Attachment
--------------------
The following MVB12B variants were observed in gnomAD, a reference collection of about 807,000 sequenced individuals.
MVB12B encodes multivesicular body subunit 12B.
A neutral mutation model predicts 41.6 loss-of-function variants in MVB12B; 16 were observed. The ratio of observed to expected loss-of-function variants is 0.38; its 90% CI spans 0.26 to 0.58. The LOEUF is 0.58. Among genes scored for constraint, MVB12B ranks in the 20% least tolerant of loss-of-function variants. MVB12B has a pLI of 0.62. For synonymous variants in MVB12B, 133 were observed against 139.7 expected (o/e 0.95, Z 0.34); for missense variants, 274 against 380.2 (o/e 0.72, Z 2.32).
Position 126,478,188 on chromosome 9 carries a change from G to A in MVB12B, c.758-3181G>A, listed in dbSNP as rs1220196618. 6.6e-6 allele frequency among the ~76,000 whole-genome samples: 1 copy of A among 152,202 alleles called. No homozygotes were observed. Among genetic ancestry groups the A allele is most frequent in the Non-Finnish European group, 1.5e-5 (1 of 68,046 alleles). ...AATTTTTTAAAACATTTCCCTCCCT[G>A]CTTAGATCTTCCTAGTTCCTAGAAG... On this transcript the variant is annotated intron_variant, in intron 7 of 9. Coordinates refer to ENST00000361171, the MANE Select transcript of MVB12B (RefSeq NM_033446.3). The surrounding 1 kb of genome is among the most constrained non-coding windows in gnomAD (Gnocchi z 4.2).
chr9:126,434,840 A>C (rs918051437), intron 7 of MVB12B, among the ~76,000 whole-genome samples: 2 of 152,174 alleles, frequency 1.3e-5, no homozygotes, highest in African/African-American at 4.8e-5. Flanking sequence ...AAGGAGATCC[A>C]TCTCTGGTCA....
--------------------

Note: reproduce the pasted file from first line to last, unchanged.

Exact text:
The following MVB12B variants were observed in gnomAD, a reference collection of about 807,000 sequenced individuals.
MVB12B encodes multivesicular body subunit 12B.
A neutral mutation model predicts 41.6 loss-of-function variants in MVB12B; 16 were observed. The ratio of observed to expected loss-of-function variants is 0.38; its 90% CI spans 0.26 to 0.58. The LOEUF is 0.58. Among genes scored for constraint, MVB12B ranks in the 20% least tolerant of loss-of-function variants. MVB12B has a pLI of 0.62. For synonymous variants in MVB12B, 133 were observed against 139.7 expected (o/e 0.95, Z 0.34); for missense variants, 274 against 380.2 (o/e 0.72, Z 2.32).
Position 126,478,188 on chromosome 9 carries a change from G to A in MVB12B, c.758-3181G>A, listed in dbSNP as rs1220196618. 6.6e-6 allele frequency among the ~76,000 whole-genome samples: 1 copy of A among 152,202 alleles called. No homozygotes were observed. Among genetic ancestry groups the A allele is most frequent in the Non-Finnish European group, 1.5e-5 (1 of 68,046 alleles). ...AATTTTTTAAAACATTTCCCTCCCT[G>A]CTTAGATCTTCCTAGTTCCTAGAAG... On this transcript the variant is annotated intron_variant, in intron 7 of 9. Coordinates refer to ENST00000361171, the MANE Select transcript of MVB12B (RefSeq NM_033446.3). The surrounding 1 kb of genome is among the most constrained non-coding windows in gnomAD (Gnocchi z 4.2).
chr9:126,434,840 A>C (rs918051437), intron 7 of MVB12B, among the ~76,000 whole-genome samples: 2 of 152,174 alleles, frequency 1.3e-5, no homozygotes, highest in African/African-American at 4.8e-5. Flanking sequence ...AAGGAGATCC[A>C]TCTCTGGTCA....